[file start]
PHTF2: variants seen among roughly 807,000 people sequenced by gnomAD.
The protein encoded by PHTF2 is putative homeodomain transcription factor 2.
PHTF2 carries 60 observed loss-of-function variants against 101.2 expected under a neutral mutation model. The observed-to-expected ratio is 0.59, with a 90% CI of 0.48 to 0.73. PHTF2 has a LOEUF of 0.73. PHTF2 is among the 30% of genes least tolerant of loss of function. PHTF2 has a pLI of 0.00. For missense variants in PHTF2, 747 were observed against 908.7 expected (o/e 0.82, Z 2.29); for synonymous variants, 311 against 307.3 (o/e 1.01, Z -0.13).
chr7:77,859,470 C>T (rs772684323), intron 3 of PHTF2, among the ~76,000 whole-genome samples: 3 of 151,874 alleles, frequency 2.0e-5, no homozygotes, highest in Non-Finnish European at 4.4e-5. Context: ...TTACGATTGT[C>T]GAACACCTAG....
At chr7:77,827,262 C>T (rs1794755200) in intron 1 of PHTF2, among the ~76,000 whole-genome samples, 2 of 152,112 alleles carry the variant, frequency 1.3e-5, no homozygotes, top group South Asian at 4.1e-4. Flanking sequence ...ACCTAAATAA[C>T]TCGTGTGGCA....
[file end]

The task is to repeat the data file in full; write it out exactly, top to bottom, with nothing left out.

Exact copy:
PHTF2: variants seen among roughly 807,000 people sequenced by gnomAD.
The protein encoded by PHTF2 is putative homeodomain transcription factor 2.
PHTF2 carries 60 observed loss-of-function variants against 101.2 expected under a neutral mutation model. The observed-to-expected ratio is 0.59, with a 90% CI of 0.48 to 0.73. PHTF2 has a LOEUF of 0.73. PHTF2 is among the 30% of genes least tolerant of loss of function. PHTF2 has a pLI of 0.00. For missense variants in PHTF2, 747 were observed against 908.7 expected (o/e 0.82, Z 2.29); for synonymous variants, 311 against 307.3 (o/e 1.01, Z -0.13).
chr7:77,859,470 C>T (rs772684323), intron 3 of PHTF2, among the ~76,000 whole-genome samples: 3 of 151,874 alleles, frequency 2.0e-5, no homozygotes, highest in Non-Finnish European at 4.4e-5. Context: ...TTACGATTGT[C>T]GAACACCTAG....
At chr7:77,827,262 C>T (rs1794755200) in intron 1 of PHTF2, among the ~76,000 whole-genome samples, 2 of 152,112 alleles carry the variant, frequency 1.3e-5, no homozygotes, top group South Asian at 4.1e-4. Flanking sequence ...ACCTAAATAA[C>T]TCGTGTGGCA....